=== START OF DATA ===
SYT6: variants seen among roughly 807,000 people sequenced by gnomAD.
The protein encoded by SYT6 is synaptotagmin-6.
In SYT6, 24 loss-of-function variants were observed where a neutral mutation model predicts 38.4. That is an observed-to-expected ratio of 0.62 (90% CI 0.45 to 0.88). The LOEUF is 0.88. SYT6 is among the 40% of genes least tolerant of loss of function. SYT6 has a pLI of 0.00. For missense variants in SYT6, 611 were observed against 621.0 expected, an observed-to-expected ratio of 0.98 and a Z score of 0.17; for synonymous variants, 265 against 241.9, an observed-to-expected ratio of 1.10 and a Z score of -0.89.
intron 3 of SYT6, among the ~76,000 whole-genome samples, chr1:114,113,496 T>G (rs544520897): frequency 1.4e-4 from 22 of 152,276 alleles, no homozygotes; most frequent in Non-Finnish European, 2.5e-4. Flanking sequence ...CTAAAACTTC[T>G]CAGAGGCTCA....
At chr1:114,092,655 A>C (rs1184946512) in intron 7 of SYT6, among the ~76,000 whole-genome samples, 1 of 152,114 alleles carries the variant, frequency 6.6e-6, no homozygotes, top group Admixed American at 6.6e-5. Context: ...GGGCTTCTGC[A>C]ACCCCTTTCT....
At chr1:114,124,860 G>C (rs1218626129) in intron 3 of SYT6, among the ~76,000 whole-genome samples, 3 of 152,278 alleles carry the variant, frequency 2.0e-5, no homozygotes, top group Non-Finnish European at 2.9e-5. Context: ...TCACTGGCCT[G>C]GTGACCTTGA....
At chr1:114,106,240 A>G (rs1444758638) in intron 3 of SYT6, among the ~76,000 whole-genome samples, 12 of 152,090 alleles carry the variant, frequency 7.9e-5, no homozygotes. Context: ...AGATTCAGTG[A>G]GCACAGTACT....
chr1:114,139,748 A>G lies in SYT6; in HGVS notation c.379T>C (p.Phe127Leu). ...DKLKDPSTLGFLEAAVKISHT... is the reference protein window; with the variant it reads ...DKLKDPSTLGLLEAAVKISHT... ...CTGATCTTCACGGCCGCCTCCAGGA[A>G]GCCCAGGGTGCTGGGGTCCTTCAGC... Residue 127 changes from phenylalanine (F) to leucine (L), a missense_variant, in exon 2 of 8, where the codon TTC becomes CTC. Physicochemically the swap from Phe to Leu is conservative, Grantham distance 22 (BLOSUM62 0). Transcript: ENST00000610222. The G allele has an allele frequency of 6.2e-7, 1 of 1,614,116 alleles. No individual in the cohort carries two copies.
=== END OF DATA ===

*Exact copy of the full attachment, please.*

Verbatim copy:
SYT6: variants seen among roughly 807,000 people sequenced by gnomAD.
The protein encoded by SYT6 is synaptotagmin-6.
In SYT6, 24 loss-of-function variants were observed where a neutral mutation model predicts 38.4. That is an observed-to-expected ratio of 0.62 (90% CI 0.45 to 0.88). The LOEUF is 0.88. SYT6 is among the 40% of genes least tolerant of loss of function. SYT6 has a pLI of 0.00. For missense variants in SYT6, 611 were observed against 621.0 expected, an observed-to-expected ratio of 0.98 and a Z score of 0.17; for synonymous variants, 265 against 241.9, an observed-to-expected ratio of 1.10 and a Z score of -0.89.
intron 3 of SYT6, among the ~76,000 whole-genome samples, chr1:114,113,496 T>G (rs544520897): frequency 1.4e-4 from 22 of 152,276 alleles, no homozygotes; most frequent in Non-Finnish European, 2.5e-4. Flanking sequence ...CTAAAACTTC[T>G]CAGAGGCTCA....
At chr1:114,092,655 A>C (rs1184946512) in intron 7 of SYT6, among the ~76,000 whole-genome samples, 1 of 152,114 alleles carries the variant, frequency 6.6e-6, no homozygotes, top group Admixed American at 6.6e-5. Context: ...GGGCTTCTGC[A>C]ACCCCTTTCT....
At chr1:114,124,860 G>C (rs1218626129) in intron 3 of SYT6, among the ~76,000 whole-genome samples, 3 of 152,278 alleles carry the variant, frequency 2.0e-5, no homozygotes, top group Non-Finnish European at 2.9e-5. Context: ...TCACTGGCCT[G>C]GTGACCTTGA....
At chr1:114,106,240 A>G (rs1444758638) in intron 3 of SYT6, among the ~76,000 whole-genome samples, 12 of 152,090 alleles carry the variant, frequency 7.9e-5, no homozygotes. Context: ...AGATTCAGTG[A>G]GCACAGTACT....
chr1:114,139,748 A>G lies in SYT6; in HGVS notation c.379T>C (p.Phe127Leu). ...DKLKDPSTLGFLEAAVKISHT... is the reference protein window; with the variant it reads ...DKLKDPSTLGLLEAAVKISHT... ...CTGATCTTCACGGCCGCCTCCAGGA[A>G]GCCCAGGGTGCTGGGGTCCTTCAGC... Residue 127 changes from phenylalanine (F) to leucine (L), a missense_variant, in exon 2 of 8, where the codon TTC becomes CTC. Physicochemically the swap from Phe to Leu is conservative, Grantham distance 22 (BLOSUM62 0). Transcript: ENST00000610222. The G allele has an allele frequency of 6.2e-7, 1 of 1,614,116 alleles. No individual in the cohort carries two copies.